Wild Bird Diets in Winter
Wild birds have a rich and varied diet in spring, summer, and autumn when different foods are abundant, from buds, blossoms, and nectar to seeds, fruits, insects, nuts, and grain. But what do wild birds eat in winter when snow and ice hide many foods, and what foods can you offer at your feeders to provide superior nutrition to your feathered friends?
Natural Foods for Wild Birds in Winter
There are more natural foods available for wild birds in winter than many people realize. Before the ground freezes in late fall or early winter, bluebirds and other thrushes will dig into the soil and root through leaf litter to find hidden insects. Fallen leaves will also hide seeds, windfall fruit, and other foods for many ground-foraging birds such as quail and doves. Chickadees and nuthatches are adept at finding insects and seeds on plants throughout the winter, while sparrows forage for fallen seeds and grain. Abundant nuts such as acorns, hickory nuts, and hazelnuts are favorite foods of jays, woodpeckers will peck into tree bark to release sap even in winter, and waxwings will strip trees of any remaining fruit and berries. Raptors hunt for prey throughout the year, and many birds such as crows, ravens, and magpies will feast on roadkill and other carrion.
Best Foods for Your Winter Backyard Birds
Despite the abundance of natural foods, heavy snowfalls and ice storms can make it difficult for wild birds to find adequate food during the harshest winter months. Providing backyard foods that are high in fat and calories can help birds endure cold temperatures and survive long, freezing nights. The top foods to provide winter backyard birds include…
- Suet – These rich blocks of fat mixed with seed, bits of fruit, and dried insects are a favorite food for winter woodpeckers, nuthatches, chickadees, bluebirds, bushtits, and many other birds.
- Sunflower Seed – The best seed option for a wide range of birds, whole sunflower seeds or sunflower hearts will both attract a wide range of winter birds, including cardinals.
- Nyjer – This small, oil-rich seed is an ideal option for winter finches, including pine siskins, common redpolls, American goldfinches, and purple finches.
- Millet – White proso millet is rich in carbohydrates and provides great winter energy for many small buntings, titmice, and finches that visit backyard feeders.
- Peanuts – Whole peanuts are a popular treat for jays, nutcrackers, wrens, and magpies, while shelled peanut hearts are sure to attract hungry nuthatches, titmice, and woodpeckers.
- Peanut Butter – Smearing peanut butter on a tree trunk or offering it in flavored suet is a delicious option for nuthatches, wrens, bluebirds, brown creepers, and small woodpeckers.
- Cracked Corn – High in carbs to provide quick energy on cold days, cracked corn is a great food for quail, wild turkeys, doves, ducks, and other ground-feeding birds.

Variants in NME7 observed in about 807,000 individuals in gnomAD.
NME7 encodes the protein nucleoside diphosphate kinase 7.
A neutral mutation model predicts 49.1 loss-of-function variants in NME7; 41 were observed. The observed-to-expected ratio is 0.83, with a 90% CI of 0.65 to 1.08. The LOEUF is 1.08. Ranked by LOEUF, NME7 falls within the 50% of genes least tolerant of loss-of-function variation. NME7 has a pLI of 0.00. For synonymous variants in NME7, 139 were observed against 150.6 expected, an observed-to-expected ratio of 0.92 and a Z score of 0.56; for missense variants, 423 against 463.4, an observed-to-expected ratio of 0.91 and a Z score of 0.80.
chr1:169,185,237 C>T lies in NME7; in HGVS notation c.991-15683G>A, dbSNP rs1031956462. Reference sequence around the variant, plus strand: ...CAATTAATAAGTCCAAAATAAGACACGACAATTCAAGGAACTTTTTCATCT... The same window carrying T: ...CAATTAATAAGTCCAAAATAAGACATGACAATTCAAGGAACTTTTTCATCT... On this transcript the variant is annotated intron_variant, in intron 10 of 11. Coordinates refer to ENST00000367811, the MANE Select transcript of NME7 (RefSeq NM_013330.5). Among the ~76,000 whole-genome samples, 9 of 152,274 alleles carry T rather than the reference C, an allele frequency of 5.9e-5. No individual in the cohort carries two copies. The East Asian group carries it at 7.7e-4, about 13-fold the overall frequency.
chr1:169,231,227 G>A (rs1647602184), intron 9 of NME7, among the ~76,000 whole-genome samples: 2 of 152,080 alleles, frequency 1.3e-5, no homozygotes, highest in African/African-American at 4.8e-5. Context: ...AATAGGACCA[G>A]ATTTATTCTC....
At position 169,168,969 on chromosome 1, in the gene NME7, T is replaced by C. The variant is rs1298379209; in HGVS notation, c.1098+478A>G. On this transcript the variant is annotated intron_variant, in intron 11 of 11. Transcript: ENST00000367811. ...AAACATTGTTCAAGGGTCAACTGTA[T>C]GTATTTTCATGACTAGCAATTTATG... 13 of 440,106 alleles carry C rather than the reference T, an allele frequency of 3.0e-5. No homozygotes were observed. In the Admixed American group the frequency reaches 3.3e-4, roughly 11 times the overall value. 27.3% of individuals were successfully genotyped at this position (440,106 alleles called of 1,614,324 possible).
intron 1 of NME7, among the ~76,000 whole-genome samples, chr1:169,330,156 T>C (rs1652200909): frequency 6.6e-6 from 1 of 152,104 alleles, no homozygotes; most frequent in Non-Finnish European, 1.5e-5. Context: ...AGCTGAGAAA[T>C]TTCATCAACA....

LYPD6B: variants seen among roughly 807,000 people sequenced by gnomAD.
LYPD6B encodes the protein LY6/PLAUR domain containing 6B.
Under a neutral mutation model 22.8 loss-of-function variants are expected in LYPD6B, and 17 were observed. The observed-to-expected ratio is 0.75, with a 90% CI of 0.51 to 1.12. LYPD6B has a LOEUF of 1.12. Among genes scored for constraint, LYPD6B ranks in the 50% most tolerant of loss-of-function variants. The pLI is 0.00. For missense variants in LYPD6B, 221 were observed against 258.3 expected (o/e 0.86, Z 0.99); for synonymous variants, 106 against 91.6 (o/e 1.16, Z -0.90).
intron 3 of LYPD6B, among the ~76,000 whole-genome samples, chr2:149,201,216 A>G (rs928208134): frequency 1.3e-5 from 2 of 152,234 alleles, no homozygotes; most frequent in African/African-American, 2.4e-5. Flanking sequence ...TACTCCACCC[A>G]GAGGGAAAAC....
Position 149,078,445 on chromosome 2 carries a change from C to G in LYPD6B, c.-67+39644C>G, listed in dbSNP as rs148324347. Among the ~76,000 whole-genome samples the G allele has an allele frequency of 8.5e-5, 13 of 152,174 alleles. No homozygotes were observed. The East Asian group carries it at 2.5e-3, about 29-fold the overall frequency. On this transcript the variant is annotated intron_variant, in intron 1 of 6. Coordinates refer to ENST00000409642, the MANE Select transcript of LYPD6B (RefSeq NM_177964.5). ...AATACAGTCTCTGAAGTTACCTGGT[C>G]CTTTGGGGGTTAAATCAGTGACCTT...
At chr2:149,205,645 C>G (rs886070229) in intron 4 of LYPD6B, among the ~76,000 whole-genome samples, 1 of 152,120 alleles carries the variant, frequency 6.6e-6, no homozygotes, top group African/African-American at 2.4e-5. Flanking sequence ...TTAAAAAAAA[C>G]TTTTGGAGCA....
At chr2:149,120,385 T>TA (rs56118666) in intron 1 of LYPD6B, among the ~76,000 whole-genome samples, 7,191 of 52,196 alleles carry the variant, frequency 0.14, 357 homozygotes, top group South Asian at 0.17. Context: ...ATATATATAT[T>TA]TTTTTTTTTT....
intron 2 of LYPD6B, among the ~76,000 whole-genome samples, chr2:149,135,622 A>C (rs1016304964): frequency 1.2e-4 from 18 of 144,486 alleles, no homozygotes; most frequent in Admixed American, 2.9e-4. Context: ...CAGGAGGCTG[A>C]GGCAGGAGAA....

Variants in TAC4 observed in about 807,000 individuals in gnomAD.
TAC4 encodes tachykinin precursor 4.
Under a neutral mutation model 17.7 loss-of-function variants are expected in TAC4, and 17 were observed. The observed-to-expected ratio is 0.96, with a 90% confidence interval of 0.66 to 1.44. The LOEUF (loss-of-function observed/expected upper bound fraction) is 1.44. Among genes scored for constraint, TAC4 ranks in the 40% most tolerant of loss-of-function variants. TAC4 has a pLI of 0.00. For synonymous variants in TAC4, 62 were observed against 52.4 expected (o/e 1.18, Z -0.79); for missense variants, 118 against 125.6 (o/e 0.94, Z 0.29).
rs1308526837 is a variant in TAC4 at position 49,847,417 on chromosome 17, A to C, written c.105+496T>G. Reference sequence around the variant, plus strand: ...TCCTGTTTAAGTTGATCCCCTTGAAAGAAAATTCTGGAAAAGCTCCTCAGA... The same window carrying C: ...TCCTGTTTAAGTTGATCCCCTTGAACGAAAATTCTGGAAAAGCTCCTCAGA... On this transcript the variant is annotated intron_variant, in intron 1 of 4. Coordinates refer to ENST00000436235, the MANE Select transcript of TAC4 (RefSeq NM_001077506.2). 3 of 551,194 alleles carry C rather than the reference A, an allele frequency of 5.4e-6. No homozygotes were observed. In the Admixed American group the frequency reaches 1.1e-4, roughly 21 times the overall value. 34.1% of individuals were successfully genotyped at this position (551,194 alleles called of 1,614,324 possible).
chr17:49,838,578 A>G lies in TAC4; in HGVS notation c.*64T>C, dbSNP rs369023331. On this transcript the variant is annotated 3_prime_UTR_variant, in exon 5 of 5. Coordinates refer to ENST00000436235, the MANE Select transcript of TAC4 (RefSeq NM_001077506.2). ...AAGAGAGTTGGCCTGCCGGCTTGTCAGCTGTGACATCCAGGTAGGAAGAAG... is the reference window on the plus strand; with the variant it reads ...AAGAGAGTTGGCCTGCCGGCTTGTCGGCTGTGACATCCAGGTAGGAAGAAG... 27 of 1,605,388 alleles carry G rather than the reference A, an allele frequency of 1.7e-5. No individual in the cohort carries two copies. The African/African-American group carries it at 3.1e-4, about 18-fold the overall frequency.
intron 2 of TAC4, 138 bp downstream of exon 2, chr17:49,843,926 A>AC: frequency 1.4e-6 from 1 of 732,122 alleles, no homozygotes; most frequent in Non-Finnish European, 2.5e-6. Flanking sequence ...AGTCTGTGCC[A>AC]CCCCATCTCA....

Tips for Feeding Winter Birds
No matter what foods you are offering or which winter birds enjoy your buffet’s bounty, there are ways to adjust your feeding station to provide nutritious food even during stormy winter days so no bird goes hungry.
- Use large-capacity feeders to accommodate hungry flocks so more birds can feed at once.
- Install broad covers and baffles to keep the feeders and perches free from snow and ice.
- Fill feeders several days before storms so birds can feed easily before poor weather begins.
- Toss some seed below patio tables or deck edges so ground-feeding birds can forage easily.
- Clean off feeders immediately after storms so birds can quickly replenish their energy.
- Decorate trees and bushes with popcorn, cereal, and berry garlands for festive feeders.
- Store extra seed in sturdy, rodent-proof containers in a cool, dark location.
Beyond the Feeders
While offering food to wild birds in winter is essential to help keep your feathered friends well fed, providing for their water and shelter needs is equally important. A heated bird bath can provide fresh, clean, liquid water even on the coldest days, or you can add an immersible heater (rated for outdoor use) to an existing bird bath to prevent excessive ice buildup. This will ensure birds can stay hydrated without needing to eat ice or snow, which can use up too many calories or cause dangerous chills.
Good shelter will also help protect winter birds from poor weather and hungry predators. Evergreen landscaping arranged in tiers is great natural shelter, or you can build a brush pile from autumn prunings or discarded Christmas trees for instant shelter. Bird roost boxes or convertible bird houses will also help small birds stay safe and comfortable through winter nights and stormy days.
By understanding the winter diets of wild birds and how to meet their dietary needs with the best winter foods, as well as what other resources birds need through the season, you can easily nurture an amazing flock of winter guests to enjoy all season long.